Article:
A love for healthy whole foods is a great blessing we can give our children. But like so much in life, developing a love for good foods is learned.
I wrote this list with my munchkins in mind, but I have a confession to make. My children have actually helped me be a better eater. Their willingness to try new foods has challenged me. Before I had children, I didn’t like olives, dark chocolate, seven grain cereal and many other foods. They love these foods and I’ve finally developed a taste for them.
We’re still learning, but here are some things that have helped my children (and, ahem, me!) be better eaters.
10 Ways to Encourage Healthier Eating
- Apply the Green Eggs & Ham Rule— don’t say you don’t like a new food unless you’ve tried it. Obvious, I know. But it’s amazing how many times I’ve heard a child vehemently declare they don’t like a food… only to have them love it once they’ve tried it. Try new foods with an open mind (unless, of course, they’re dyed with half a cup of green food coloring!)
- Offer Healthy Foods When They’re Hungry- There’s nothing quite like hunger to make a food taste good. Feed salads and vegetables first at meals. It is the easiest way to help kids learn to love them. If your kids complain about being hungry mid-afternoon, offer them healthy choices, not junk food. If they’re really hungry, they’ll learn to appreciate them. (Here are 11 of my favorite healthy snacks.)
- Keep trying– If your first attempt at trying to get your kids to eat homemade yogurt is disastrous, next time make it into a parfait or blend it into a fruit smoothy. Once you’ve found something they like, talk about it. The goal isn’t just to sneak healthy foods into the diet. The goal is to encourage them to consciously appreciate good foods.
- Buy vegetables and fruits in season- if all they’ve tried is a mealy tomato picked green that’s been sitting for weeks before it gets to your grocery cart, it’s not much of a surprise if they don’t like tomatoes. Buy ripe food or, better yet, grow it yourself with the children (if you don’t have a brown thumb!) It’s much easier to develop a taste for ripe, fresh food! Plus, food in season is generally cheapest anyway!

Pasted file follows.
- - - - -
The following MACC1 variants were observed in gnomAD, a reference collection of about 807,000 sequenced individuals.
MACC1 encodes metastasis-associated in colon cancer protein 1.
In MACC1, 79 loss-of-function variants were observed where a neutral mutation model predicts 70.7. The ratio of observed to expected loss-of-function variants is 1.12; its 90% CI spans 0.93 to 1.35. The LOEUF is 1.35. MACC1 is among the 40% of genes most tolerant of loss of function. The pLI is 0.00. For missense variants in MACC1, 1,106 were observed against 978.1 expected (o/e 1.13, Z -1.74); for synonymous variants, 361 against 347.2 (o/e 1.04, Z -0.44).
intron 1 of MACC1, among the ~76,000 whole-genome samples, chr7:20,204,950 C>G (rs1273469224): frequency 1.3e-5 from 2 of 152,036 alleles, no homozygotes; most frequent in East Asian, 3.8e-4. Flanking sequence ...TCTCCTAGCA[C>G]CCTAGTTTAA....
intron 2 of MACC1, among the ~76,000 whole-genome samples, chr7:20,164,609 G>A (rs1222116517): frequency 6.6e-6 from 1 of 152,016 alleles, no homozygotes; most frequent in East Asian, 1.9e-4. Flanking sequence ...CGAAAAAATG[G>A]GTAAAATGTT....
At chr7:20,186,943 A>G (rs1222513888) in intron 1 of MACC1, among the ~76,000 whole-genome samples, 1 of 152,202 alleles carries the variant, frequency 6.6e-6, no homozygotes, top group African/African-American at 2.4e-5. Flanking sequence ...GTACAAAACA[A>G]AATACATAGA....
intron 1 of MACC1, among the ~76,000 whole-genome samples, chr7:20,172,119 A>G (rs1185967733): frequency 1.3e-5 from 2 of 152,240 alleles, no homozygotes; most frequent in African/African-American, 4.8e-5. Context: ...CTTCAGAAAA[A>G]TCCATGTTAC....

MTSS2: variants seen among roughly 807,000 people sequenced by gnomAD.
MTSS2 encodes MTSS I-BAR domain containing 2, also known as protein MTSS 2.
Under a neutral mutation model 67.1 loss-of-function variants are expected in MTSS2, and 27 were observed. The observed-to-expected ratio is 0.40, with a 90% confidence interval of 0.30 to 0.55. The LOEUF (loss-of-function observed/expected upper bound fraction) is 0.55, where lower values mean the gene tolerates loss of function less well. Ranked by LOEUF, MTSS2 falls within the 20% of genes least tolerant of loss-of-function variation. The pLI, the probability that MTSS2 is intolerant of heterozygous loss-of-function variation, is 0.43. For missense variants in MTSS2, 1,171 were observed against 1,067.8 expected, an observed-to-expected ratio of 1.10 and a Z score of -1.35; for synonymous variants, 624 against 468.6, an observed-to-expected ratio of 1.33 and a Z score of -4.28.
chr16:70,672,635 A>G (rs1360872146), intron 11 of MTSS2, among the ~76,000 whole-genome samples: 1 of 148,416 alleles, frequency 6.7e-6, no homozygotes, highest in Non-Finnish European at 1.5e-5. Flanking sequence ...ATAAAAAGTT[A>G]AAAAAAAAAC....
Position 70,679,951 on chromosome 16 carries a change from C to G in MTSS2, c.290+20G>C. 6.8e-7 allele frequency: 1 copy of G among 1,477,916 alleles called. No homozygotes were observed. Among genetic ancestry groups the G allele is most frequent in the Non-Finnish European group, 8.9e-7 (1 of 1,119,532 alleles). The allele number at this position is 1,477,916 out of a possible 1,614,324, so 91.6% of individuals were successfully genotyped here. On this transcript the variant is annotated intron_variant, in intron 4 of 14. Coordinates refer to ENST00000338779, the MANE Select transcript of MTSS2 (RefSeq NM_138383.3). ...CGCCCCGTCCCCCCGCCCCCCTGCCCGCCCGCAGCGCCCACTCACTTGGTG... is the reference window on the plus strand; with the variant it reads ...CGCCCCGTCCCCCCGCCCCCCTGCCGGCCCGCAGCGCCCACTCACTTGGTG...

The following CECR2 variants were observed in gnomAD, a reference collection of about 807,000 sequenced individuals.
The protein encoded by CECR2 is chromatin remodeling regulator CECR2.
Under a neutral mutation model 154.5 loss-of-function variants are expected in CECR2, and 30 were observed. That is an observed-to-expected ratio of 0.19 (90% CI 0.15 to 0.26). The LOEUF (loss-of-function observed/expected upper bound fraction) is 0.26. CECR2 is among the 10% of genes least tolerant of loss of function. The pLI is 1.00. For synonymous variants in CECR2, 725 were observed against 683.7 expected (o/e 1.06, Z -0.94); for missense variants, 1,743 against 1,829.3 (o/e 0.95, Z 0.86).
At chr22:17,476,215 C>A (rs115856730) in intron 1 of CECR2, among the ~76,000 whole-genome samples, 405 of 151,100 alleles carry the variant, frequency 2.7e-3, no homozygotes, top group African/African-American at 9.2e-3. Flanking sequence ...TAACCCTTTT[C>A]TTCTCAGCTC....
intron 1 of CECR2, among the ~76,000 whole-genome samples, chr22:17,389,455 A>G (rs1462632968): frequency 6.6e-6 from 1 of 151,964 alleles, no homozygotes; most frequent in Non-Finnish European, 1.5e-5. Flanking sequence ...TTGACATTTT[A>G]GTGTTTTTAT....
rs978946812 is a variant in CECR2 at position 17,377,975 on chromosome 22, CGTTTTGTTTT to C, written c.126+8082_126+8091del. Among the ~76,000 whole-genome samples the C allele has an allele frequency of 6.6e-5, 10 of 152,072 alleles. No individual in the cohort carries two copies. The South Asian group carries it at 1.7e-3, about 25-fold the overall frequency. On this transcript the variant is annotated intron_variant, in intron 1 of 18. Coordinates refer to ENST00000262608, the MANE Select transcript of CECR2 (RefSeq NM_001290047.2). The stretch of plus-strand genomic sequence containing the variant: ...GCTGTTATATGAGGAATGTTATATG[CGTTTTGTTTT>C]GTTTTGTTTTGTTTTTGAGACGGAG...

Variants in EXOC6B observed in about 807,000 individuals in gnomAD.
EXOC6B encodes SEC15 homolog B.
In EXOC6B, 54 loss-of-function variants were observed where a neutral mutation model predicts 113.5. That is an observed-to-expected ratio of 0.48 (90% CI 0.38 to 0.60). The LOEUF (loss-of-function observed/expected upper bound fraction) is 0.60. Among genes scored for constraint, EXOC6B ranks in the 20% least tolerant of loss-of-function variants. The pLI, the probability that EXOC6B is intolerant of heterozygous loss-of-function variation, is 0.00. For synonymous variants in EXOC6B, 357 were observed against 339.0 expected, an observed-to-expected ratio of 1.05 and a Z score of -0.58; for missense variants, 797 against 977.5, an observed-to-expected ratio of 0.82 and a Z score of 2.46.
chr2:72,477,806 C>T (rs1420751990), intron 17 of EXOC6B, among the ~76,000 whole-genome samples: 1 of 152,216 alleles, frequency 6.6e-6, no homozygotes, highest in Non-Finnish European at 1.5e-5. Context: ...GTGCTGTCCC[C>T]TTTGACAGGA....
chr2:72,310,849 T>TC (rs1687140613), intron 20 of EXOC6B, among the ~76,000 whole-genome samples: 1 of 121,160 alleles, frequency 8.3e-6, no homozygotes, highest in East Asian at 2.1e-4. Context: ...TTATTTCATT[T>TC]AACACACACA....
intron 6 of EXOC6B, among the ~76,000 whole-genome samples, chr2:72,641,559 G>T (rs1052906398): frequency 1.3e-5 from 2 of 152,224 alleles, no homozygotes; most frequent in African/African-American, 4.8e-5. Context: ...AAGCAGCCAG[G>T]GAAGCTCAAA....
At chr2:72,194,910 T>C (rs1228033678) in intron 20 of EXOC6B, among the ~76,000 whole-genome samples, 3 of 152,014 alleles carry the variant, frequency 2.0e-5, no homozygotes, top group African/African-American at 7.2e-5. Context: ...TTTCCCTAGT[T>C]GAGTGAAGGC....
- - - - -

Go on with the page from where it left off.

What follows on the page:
- Make the Servings Small-it’s much better (waste-wise and psychologically) to have your child ask for more than to force them to finish food* they don’t like or have to throw it away. Serve a bite or two at first. If they don’t like it, you can drop it or try again later. If they love it, yay! Give them seconds.
- Incorporate Their (Healthy) Favorites – Everyone’s tastebuds are different. Rose absolutely loves seven grain cereal and oatmeal. Will downs bowl after bowl of honey-sweetened homemade yogurt. Meg eats more eggs than me. All three are good choices, so I serve them regularly for breakfast. (Here are a few other of our favorite healthy breakfasts.)
- Learn to Love Flavor, Not Just Sugar/Salt- Creation is full of so many flavors. Sadly though, flavor tends to be masked by loads of sugar (or salt). Gradually cut back on the sweeteners in recipes and focus on appreciating the flavor. Get to the point where you add just enough to enhance the flavor of a dish, not drown it.
- Discuss the Health Benefits- talking about why something is good for you and what exactly it helps your body do, not only helps educate your child, but encourages them to take an active part in choosing healthy foods. When I taught Rose, then four, about the importance of protein, she asked “is this good protein” about practically everything, and regularly requested foods that were “good protein.”
- Model Gratitude- maybe your grocery budget doesn’t allow you to buy all the foods you want. Maybe the selection where you live isn’t great. If there’s food on the table, that’s cause for gratitude!
- Don’t be Too Strict- When Rose asked “are cookies good protein?” I had to share the sad truth that they don’t have much protein and aren’t really good for us. Her face fell. But, food and taste have been given to us by a good God. We ate the cookies anyway and celebrated His goodness to us.
*To force your child to finish his food, or not? The debate rages. Since sometimes the first sign of a food allergy is a child refusing to eat it, I’ve become more sensitive when my generally-good-eater children don’t want to finish.
How to you encourage your children to be good eaters?